The Cost of Vigilance

Watching an episode of The Walking Dead made me realize just how anxious it feels to be vigilant all the time. And, even in less charged situations, it takes real effort to stay on guard. It’s easy to get hypnotized by the trail and just stare at the ground.

I’m looking for inspired ways to make this feel like a meaningful trade-off on the part of the players. What does it cost you to be on guard? I’m looking for something meaningful enough that players might seriously think about who is going to be on watch duty.

The_Tim had a good suggestion, which was being on watch was a Forte test (whether or not you actually see anything), failing leading to Ob penalties to subsequent tests.

(This should really be in Rim of Fire: Commentary - not Sparks.)

Forte test to resist fatigue is genius. It makes perfect sense, too - you give up sleep to be vigilant, so you’re sacrificing your health and well-being for the rest of the group.

Maybe a Health test at some point to resist getting sick?

Or Will tests if they’re on their own in the dark, to resist going stir-crazy. If the same guy is always on watch, maybe he starts becoming paranoid or freaking out.

This thread is inspiring me toward playing a character with a PTSD trait. I could see that as a natural evolution of this type of situation. Though, it may be hard to roleplay well.

First, start with scale: how often is danger actually looming? Make a roll and Let It Ride for the appropriate time period.

A roll might cover a week, or a day. Only if there’s completely imminent danger (“They’ll attack before dawn. The question is when…”) then I might consider more than that.

Second, I’d probably ask, “Are you doing this Carefully?” Carefully means staying on edge, and probably a +1 Ob to the Forte roll.

Failures might lead to things like increased Ob, or temporary Traits (Irritable, Clumsy, Sleepasaurus).

If you want to be extra brutal, make these Forte failures invisible to the person who has them UNTIL they kick off. (“Oh, you must have been more tired than you thought. You drop the lantern. Damn!”) Then players will be needing to make Perception checks on each other to check in with each other’s states (“No watch for you tonight. You’re barely standing straight. Go sleep.”)

That said, you should probably check in with your group to see if they actually find the issues of people management interesting. It’s kind of a specialized thing that doesn’t show up in most games.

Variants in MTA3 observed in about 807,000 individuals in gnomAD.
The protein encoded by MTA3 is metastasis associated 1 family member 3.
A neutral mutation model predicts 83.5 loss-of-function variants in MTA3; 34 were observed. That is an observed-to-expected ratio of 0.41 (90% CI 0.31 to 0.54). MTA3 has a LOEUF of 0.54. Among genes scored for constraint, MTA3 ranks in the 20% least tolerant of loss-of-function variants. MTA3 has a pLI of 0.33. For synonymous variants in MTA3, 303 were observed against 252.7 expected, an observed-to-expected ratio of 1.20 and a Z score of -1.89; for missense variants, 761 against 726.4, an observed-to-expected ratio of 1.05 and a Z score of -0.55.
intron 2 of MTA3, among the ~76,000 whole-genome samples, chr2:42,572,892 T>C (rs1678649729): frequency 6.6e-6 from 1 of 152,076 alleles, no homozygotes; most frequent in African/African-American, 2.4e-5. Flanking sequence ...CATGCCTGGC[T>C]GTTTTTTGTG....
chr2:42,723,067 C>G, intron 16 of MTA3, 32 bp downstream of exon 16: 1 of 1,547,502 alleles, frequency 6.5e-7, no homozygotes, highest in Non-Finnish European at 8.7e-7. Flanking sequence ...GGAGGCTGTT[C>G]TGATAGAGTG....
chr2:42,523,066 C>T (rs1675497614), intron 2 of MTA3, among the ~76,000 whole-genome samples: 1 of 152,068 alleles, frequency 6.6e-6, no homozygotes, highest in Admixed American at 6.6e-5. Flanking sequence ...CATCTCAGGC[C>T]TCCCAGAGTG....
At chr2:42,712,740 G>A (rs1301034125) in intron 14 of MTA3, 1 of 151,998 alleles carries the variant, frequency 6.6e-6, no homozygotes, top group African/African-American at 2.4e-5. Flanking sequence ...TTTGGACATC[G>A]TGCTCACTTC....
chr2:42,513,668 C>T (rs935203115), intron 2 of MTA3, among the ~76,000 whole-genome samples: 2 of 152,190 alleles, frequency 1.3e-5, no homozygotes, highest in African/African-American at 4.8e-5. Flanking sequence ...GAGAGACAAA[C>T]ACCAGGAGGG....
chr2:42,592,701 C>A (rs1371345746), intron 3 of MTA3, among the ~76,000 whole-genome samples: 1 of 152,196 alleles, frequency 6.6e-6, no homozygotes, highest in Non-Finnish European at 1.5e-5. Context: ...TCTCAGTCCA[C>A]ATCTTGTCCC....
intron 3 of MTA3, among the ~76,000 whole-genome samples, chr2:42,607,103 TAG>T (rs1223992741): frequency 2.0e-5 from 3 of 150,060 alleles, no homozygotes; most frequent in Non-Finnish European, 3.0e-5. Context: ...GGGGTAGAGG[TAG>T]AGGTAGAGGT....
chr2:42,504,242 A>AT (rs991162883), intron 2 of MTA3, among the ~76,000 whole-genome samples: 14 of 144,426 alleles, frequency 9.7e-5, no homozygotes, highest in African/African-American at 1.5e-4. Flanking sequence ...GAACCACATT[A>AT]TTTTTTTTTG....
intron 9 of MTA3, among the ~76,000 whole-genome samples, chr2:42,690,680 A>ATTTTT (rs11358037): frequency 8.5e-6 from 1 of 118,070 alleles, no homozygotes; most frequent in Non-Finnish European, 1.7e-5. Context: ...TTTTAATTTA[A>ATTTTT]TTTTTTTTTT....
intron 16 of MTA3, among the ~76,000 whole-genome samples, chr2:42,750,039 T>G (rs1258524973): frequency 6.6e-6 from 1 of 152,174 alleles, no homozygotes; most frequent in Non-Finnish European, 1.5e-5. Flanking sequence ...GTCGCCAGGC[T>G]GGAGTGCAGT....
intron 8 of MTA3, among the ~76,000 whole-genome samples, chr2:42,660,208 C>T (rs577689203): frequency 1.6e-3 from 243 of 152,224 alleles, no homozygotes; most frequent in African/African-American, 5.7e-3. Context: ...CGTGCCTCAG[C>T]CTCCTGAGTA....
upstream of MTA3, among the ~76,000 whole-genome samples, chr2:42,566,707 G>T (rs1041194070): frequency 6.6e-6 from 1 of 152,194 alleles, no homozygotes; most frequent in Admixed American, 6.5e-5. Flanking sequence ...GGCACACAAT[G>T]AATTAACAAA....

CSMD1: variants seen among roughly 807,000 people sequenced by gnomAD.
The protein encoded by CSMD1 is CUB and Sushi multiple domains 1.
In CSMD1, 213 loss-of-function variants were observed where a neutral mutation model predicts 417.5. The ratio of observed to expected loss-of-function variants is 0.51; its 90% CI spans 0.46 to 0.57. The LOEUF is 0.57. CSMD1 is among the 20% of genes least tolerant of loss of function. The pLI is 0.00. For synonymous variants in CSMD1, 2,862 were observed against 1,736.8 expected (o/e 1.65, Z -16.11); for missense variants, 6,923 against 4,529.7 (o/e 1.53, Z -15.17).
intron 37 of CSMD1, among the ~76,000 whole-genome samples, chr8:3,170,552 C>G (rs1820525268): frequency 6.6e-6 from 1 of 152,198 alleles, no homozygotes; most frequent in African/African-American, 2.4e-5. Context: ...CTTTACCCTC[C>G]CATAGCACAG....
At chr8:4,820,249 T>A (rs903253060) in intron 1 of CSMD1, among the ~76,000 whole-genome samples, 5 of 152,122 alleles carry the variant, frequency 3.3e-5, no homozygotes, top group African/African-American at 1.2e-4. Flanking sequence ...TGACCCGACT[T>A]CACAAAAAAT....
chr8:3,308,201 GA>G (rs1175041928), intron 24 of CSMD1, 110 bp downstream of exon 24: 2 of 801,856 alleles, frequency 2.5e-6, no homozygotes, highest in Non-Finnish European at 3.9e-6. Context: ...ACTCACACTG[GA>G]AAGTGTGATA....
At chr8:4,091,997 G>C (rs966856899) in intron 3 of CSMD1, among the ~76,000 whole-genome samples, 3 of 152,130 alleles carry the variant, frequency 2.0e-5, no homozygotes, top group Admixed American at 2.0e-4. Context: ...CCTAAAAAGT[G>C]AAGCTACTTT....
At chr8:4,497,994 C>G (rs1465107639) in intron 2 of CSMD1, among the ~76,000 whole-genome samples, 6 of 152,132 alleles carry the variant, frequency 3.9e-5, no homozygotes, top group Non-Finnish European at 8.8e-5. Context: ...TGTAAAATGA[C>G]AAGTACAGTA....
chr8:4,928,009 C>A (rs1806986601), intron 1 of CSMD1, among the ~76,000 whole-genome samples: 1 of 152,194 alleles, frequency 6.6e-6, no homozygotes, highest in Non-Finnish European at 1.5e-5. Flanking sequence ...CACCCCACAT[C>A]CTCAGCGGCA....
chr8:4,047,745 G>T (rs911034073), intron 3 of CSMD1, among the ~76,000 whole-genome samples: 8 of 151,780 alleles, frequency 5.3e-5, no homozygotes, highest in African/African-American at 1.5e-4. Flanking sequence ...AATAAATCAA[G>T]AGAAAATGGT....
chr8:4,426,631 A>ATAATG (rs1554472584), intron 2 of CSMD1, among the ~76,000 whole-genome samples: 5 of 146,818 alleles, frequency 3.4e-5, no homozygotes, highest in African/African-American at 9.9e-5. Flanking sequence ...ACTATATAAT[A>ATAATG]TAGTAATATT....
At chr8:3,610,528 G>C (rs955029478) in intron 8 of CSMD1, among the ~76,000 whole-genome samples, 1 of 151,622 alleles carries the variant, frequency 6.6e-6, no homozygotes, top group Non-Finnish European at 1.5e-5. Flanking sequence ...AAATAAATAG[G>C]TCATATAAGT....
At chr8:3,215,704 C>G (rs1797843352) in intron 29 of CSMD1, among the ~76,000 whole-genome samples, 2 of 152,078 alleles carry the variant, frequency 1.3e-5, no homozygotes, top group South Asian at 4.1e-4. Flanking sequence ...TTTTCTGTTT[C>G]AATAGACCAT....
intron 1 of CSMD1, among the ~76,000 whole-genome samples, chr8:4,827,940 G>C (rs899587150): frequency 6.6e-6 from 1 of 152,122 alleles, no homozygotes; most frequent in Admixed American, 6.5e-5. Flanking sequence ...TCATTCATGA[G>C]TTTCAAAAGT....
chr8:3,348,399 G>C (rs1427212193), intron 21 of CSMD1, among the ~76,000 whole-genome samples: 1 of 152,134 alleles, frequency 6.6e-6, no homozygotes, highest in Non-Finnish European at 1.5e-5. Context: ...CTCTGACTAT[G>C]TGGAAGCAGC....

I imagine this for games where the paranoid vibe is part of it—truth be told I’m tempted to start introducing it as part of the Burning Airships game, especially in the current setup.

Generally speaking, I think that it is only interesting in cases where you can expect there to be something going on at all times that is bad to miss BUT if you spot it early, it isn’t a big deal to avoid/deal with. Basically, early detection has a huge benefit compared to the cost of missing out. The counterbalance to that needs to be a way to make the weight of making sure you can detect things early a part of the game—I mean, this factor (zombies in the Walking Dead, crazy fallen elf cultists in Burning Airships, spiders in Burning Ahimsa, whatever) is a major part of the game that everyone signed on for. People should be on the look out for it, and it should have weight in the game.

In terms of when I’d actually call for the tests, I’d say that it seems reasonable to say something like 'OK, so you were up all night last night and now you’re the only one not injured, so you’re on watch again. Roll Forte Obs 2 to stay awake." A basic link test to the actual being on watch roll—you fail and you get the test to notice at the increased Obs for having dozed off, plus you’re not in a great position to actually act on it. Exceeding the Obs means that you are still pumped up, in fight or flight, and really keen to notice the threat.

Likewise you could have it be that the guy who has been on watch for days is forced to make a Will test right before a social interaction to see if they’re holding it together—or reduce them to a Will roll to set the Obs for someone’s social test against them, sleep deprived minds you know.

Again, it requires buy in to the idea of a constant threat that you can be on the look out for and do something about. If people aren’t interested in that edge, pushing it or trying to introduce penalties for neat color about who is on watch and a watch rotation and all that isn’t going to do anyone any good.

This I like very much!

I once played in a d20 Apocalypse game that had a zombie Dawn of the Dead motif. The way the GM got that sense of panic and vigilance was by ditching the rules for initiative. He would just bombard us with descriptions of what his zombies were doing, rolling dice and attacking us, and the only way we could take actions was by shouting out our Intent before he described his. Outside of combat, the same sort of thing. He never asked us, “What do you want to do?” Instead, he just described what was happening, described our experience, and left it up to us to be on the ball and declare our actions. If we paused too long, he’d make Something Bad happen.

He wasn’t a very great GM, honestly. But I did find that technique intriguing, although controversial. It really created a sense of “Must act NOW”, really made us pay attention to the GM’s descriptions and forced us to make split second decisions about things we barely glimpsed in the dark. I think a lot of this could be easily applied to a BW game.